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Estimating the Value of Employee Stock Option Portfolios and Their Sensitivities to Price and Volatility

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  • John Core
  • Wayne Guay

Abstract

The costs associated with compiling data on employee stock option portfolios is a substantial obstacle in investigating the impact of stock options on managerial incentives, accounting choice, financing decisions, and the valuation of equity. We present an accurate method of estimating option portfolio value and the sensitivities of option portfolio value to stock price and stock‐return volatility that is easily implemented using data from only the current year’s proxy statement or annual report. This method can be applied to either executive stock option portfolios or to firm‐wide option plans. In broad samples of actual and simulated CEO option portfolios, we show that these proxies capture more than 99% of the variation in option portfolio value and sensitivities. Sensitivity analysis indicates that the degree of bias in these proxies varies with option portfolio characteristics, and is most severe in samples of CEOs with a large proportion of out‐of‐the‐money options. However, the proxies’ explanatory power remains above 95% in all subsamples.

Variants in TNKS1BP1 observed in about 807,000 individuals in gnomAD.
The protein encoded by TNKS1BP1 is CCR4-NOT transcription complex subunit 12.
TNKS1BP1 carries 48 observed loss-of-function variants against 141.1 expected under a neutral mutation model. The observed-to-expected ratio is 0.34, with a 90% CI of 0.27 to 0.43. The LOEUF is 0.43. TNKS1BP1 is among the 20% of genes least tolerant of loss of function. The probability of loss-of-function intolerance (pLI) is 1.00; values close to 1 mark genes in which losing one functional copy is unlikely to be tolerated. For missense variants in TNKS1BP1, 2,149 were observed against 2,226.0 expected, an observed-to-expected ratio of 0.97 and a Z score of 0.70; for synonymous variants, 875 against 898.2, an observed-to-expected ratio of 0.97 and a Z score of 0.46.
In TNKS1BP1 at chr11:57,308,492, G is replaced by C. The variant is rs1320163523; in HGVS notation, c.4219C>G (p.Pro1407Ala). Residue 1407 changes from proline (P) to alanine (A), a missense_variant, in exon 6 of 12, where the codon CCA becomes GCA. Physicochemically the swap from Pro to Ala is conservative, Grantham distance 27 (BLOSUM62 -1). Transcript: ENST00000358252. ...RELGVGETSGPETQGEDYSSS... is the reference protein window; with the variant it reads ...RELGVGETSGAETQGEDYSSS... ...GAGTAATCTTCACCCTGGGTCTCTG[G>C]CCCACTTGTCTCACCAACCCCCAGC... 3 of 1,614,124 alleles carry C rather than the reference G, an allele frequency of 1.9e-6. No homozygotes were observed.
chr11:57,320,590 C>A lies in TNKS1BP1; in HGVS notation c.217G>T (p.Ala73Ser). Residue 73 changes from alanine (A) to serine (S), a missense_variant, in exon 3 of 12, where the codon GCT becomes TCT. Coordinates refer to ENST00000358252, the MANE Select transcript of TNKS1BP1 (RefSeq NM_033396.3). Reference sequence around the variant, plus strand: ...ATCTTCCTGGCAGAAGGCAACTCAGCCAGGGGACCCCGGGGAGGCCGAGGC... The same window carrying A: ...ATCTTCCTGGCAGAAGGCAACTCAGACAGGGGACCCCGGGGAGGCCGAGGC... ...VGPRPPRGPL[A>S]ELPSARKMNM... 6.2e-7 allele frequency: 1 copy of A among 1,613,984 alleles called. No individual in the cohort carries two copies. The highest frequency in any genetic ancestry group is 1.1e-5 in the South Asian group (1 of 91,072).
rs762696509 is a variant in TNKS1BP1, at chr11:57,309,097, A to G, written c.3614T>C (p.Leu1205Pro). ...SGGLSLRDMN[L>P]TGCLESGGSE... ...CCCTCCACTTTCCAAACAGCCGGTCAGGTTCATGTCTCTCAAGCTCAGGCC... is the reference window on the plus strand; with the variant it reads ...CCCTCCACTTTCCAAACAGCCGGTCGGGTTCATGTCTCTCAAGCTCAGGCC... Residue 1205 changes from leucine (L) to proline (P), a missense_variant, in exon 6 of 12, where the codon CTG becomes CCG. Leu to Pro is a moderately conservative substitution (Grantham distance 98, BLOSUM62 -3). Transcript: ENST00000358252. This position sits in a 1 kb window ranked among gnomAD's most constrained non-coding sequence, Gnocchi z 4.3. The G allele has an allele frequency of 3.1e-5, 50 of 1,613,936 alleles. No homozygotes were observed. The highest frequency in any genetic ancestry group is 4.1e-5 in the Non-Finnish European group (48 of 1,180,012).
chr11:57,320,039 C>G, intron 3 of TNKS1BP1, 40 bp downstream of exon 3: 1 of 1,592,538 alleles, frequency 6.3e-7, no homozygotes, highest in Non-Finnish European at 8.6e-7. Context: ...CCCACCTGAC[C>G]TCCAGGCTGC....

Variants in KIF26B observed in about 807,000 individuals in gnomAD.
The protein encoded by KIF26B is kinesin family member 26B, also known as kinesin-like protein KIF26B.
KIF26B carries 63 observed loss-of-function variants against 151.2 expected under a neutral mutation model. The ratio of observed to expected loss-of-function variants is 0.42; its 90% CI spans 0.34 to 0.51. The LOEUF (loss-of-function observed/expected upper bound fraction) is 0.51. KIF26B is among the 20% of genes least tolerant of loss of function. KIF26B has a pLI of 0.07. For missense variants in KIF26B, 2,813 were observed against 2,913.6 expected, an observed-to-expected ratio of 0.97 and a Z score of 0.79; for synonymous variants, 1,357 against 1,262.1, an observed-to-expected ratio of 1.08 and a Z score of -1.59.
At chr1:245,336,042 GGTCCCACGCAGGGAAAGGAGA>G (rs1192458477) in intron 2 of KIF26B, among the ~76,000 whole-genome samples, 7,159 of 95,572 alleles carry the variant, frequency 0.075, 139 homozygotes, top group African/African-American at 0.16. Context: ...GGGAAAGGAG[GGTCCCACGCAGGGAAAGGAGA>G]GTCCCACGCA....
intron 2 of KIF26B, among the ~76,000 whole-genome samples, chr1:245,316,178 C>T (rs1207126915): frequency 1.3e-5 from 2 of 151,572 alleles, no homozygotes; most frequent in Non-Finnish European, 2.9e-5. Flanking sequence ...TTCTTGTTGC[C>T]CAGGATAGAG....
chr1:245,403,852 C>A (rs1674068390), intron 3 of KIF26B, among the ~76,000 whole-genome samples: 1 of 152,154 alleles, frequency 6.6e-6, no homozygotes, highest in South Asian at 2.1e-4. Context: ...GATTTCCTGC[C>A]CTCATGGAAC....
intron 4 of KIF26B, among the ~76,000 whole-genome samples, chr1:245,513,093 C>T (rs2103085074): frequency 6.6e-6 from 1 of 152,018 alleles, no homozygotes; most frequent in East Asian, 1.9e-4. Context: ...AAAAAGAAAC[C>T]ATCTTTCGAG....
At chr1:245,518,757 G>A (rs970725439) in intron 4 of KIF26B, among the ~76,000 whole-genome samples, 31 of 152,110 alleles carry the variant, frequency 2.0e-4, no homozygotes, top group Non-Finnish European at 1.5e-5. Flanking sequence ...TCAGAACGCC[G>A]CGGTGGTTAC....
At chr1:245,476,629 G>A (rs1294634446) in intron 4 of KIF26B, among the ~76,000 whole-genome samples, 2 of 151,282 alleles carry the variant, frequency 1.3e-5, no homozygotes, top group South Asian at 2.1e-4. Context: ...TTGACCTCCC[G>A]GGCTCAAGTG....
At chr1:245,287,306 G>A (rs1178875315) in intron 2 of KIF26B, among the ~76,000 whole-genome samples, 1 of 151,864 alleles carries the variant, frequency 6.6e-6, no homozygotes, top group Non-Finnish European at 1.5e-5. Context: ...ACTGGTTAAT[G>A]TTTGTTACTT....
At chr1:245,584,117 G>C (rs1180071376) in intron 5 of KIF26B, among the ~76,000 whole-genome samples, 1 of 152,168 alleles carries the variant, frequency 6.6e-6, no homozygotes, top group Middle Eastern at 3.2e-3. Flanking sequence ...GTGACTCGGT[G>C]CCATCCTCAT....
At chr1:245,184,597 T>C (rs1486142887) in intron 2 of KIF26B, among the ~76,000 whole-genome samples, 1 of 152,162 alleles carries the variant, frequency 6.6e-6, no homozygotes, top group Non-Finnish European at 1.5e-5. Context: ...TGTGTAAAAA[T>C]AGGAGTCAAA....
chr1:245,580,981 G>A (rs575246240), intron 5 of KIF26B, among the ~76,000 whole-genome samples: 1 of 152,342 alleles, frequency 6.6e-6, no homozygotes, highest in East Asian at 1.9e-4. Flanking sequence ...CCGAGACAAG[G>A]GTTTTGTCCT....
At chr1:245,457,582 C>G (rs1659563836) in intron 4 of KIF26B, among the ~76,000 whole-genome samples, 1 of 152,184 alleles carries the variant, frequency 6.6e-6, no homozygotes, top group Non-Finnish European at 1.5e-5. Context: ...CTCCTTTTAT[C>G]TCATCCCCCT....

Suggested Citation

  • John Core & Wayne Guay, 2002. "Estimating the Value of Employee Stock Option Portfolios and Their Sensitivities to Price and Volatility," Journal of Accounting Research, Wiley Blackwell, vol. 40(3), pages 613-630, June.
  • Handle: RePEc:bla:joares:v:40:y:2002:i:3:p:613-630
    DOI: 10.1111/1475-679X.00064
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